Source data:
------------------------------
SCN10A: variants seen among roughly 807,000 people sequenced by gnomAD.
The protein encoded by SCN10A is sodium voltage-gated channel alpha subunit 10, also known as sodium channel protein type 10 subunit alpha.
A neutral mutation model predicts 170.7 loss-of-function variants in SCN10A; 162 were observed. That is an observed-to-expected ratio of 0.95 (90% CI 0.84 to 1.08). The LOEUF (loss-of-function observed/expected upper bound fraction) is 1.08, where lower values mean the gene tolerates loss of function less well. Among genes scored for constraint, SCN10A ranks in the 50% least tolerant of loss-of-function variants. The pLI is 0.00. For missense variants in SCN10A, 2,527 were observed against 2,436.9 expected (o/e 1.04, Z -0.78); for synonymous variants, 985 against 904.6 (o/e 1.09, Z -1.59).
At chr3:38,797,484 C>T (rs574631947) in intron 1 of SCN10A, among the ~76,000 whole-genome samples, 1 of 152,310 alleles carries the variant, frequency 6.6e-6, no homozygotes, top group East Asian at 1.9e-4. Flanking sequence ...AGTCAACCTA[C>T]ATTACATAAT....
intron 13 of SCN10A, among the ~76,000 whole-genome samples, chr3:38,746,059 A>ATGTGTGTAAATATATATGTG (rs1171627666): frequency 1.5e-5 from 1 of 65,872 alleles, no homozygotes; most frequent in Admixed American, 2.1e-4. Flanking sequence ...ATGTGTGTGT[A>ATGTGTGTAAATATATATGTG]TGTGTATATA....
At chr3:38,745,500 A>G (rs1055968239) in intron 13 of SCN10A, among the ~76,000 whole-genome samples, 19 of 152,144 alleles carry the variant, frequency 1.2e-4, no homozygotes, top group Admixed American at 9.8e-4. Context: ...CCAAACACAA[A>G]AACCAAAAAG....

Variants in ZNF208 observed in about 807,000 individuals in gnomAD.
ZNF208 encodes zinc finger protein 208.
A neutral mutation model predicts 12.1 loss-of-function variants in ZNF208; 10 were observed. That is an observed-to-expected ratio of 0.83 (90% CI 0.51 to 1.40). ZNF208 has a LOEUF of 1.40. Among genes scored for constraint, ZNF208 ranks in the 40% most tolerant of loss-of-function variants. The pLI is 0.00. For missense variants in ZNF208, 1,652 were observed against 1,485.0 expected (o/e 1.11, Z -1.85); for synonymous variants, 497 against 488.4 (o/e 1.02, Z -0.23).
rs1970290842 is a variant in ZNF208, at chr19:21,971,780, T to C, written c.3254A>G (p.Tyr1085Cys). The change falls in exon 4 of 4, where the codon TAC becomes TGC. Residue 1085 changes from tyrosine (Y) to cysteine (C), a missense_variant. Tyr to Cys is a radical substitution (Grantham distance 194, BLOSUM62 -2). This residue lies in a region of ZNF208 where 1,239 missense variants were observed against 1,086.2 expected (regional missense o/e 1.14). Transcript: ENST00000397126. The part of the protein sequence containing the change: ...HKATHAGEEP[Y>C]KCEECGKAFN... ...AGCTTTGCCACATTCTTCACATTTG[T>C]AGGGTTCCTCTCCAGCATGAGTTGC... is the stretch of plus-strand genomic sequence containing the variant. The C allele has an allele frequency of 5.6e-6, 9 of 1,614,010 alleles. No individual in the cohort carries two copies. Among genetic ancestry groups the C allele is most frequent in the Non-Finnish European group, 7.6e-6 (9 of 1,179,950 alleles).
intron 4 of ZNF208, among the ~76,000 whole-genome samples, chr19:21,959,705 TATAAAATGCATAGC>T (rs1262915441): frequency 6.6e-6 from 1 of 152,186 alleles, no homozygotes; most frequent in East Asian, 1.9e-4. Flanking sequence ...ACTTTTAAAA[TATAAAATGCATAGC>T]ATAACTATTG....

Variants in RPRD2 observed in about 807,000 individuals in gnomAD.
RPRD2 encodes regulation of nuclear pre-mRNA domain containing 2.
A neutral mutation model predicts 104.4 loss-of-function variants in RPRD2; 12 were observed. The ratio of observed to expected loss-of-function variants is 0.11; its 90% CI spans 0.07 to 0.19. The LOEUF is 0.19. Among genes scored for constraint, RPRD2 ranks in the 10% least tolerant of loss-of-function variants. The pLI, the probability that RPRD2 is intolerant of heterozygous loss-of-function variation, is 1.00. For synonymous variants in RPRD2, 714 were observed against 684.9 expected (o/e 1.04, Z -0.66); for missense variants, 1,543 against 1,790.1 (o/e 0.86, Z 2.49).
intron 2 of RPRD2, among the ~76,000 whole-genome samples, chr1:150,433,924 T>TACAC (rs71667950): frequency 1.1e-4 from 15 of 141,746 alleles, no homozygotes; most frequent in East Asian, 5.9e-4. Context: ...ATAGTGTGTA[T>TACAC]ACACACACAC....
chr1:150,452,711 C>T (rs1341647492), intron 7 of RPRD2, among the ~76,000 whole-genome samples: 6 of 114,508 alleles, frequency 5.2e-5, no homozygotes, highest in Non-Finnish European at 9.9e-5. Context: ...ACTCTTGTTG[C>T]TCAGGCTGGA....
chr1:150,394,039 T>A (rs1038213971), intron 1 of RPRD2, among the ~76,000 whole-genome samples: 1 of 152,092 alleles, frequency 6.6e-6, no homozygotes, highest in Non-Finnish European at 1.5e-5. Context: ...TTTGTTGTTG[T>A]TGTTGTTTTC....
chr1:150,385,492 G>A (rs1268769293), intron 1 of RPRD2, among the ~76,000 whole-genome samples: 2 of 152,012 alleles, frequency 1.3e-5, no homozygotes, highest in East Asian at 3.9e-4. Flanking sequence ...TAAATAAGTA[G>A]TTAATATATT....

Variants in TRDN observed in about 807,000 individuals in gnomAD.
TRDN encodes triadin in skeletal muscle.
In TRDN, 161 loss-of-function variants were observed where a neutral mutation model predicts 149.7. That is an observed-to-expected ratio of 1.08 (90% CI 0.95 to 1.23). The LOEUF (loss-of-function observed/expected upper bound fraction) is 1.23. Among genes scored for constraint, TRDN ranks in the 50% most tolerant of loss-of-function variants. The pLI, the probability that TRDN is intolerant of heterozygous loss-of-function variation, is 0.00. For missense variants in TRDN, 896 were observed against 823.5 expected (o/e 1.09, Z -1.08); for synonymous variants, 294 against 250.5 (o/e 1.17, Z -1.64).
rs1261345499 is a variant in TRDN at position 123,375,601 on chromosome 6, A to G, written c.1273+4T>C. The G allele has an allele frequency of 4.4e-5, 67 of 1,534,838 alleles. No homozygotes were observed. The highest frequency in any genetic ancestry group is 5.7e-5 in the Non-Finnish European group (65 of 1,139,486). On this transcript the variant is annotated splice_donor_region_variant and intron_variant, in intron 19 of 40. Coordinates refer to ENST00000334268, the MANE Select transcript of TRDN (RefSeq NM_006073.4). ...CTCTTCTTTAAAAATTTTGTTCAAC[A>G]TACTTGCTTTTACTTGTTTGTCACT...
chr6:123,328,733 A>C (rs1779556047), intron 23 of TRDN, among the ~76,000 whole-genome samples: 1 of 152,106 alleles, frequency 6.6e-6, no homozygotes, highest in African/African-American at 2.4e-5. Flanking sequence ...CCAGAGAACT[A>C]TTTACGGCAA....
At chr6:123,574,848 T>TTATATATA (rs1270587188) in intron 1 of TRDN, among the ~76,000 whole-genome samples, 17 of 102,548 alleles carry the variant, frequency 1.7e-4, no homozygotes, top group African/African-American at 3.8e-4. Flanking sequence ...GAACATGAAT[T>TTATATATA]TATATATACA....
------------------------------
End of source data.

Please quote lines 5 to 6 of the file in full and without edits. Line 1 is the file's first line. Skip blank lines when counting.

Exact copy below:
intron 13 of SCN10A, among the ~76,000 whole-genome samples, chr3:38,746,059 A>ATGTGTGTAAATATATATGTG (rs1171627666): frequency 1.5e-5 from 1 of 65,872 alleles, no homozygotes; most frequent in Admixed American, 2.1e-4. Flanking sequence ...ATGTGTGTGT[A>ATGTGTGTAAATATATATGTG]TGTGTATATA....
At chr3:38,745,500 A>G (rs1055968239) in intron 13 of SCN10A, among the ~76,000 whole-genome samples, 19 of 152,144 alleles carry the variant, frequency 1.2e-4, no homozygotes, top group Admixed American at 9.8e-4. Context: ...CCAAACACAA[A>G]AACCAAAAAG....